What Are the Signs of Cushing’s Disease?

How do you know if your sweet dog has Cushing’s? Since the disease presents with a variety of symptoms, it can be hard to identify. Cushing’s disease is the result of corticosteroid overproduction or internal tumors of the adrenal and pituitary glands. The signs of Cushing’s disease can be slow to show. However, there are certain markers that indicate strong evidence of Cushing’s disease in dogs.

Treatment with Drugs or A Natural Approach?

When a diagnosis for Cushing’s is first made, pet parents have a decision to make. Will you take the often-prescribed approach of strong drugs that Petmd.com says can have serious side effects? Will you choose an approach that includes natural supplements that also address key symptoms of Cushing’s?

No matter what choice you make, the key to helping your pup live a new normal life with Cushing’s is to continue to monitor them. Watch their energy level and appetite, as well as physical reactions like weakness or gastrointestinal issues.

Early Warning Signs of Cushing’s Disease

Older dogs are the most likely to develop Cushing’s. According to the American Kennel Club (AKC), owners first notice something is wrong when their dogs show extreme thirst and therefore need to urinate more frequently, often during the night. Many pet parents just chalk this up to old age or other conditions like diabetes in dogs. Thus, the disease advances until other symptoms develop and the dog is finally tested for Cushing’s. If you see your dog suddenly developing possible signs of Cushing’s Disease such as an excessive thirst or urinating more, it’s time to check with your vet.

Certain dog breeds are also more likely to develop Cushing’s as they get older. AKC lists the Poodle, Dachshund, Boston Terrier, Boxer, and Beagle as possible breeds prone to Cushing’s disease. As your dog ages, be extra vigilant if they are an at-risk breed.

Other Minor Symptoms of Cushing’s Disease

Cushing’s can also present a range of minor symptoms that can be hard to pin down as just Cushing’s. However, if you notice these happening to your pet, it’s best to check in with your veterinary doctor.

Dr. Mary Gardener DVM with Lap of Love shared that pet parents should look out for the following signs that may point to Cushing’s disease in dogs:

• Pot belly (abdominal muscles sag)
• Thin skin
• Panting more
• Hyper-pigmentation (extra markings like freckles appear on the skin)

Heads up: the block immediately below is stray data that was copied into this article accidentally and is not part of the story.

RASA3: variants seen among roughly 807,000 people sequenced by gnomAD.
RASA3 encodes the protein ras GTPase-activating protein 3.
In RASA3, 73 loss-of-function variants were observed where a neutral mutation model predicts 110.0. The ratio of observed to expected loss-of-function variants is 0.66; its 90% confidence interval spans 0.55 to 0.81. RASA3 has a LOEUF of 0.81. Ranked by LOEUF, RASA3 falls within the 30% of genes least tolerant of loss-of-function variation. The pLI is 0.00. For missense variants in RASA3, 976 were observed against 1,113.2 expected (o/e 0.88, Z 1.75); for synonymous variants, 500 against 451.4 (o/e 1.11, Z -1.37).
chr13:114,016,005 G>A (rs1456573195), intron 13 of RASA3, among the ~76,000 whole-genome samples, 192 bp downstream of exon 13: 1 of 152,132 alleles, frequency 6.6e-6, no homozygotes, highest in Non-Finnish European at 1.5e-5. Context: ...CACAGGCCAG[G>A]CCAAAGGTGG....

How is Cushing’s Diagnosed?

Dr. Mary also shared the most likely steps your vet will take to identify Cushing’s. Your pet will get a blood test to look for certain chemical markers. After blood tests confirm something abnormal, your pet may be recommended for an ultrasound to see if an adrenal gland carries a tumor, or if the glands show anything abnormal.

An ultrasound will help determine the type of Cushing’s disease present in your dog. Adrenal dependent Cushing’s will show a tumor on the adrenal gland that can be benign or malignant. Pituitary dependent Cushing’s usually shows that both glands are enlarged due to steroid over-production. Knowing the type of Cushing’s can help determine the course of treatment.

How to Address Cushing’s Symptoms

A variety of treatment options are available for Cushing’s. You’ll need to consider several factors to determine the best option for your dog.  Often, vets prescribe medication that will essentially kill off the cells of the adrenal gland to address the tumor. These medications can be effective but may also come with harsh side effects.  Another option for treatment includes surgery to remove the tumor, though many vets state this process can be risky.

One more approach is to use supplements that act as a natural answer to Cushing’s symptoms.

At CushAway, our founder watched his beloved dog respond to a supplement formula that uses naturally occurring elements like probiotics and lignans (from flax) to address symptoms at the root cause. Read our story and decide if this approach can gently soothe your Cushing’s dog.

After a Diagnosis of Cushing’s Disease

Once a diagnosis is made and treatment is chosen, it’s important to continue with that treatment to keep symptoms at bay. Although it can be managed, Cushing’s is not something that can be cured. However, you can help your dog adapt to and live a new normal routine. Keep up with exercise at your dog’s pace, and maintain a healthy diet. Adding whole food to your dog’s kibble may even add more vitality post-Cushing’s.

Even after a Cushing’s diagnosis is made, you can find ways to love and care for your dog so they are full of life and comfortable.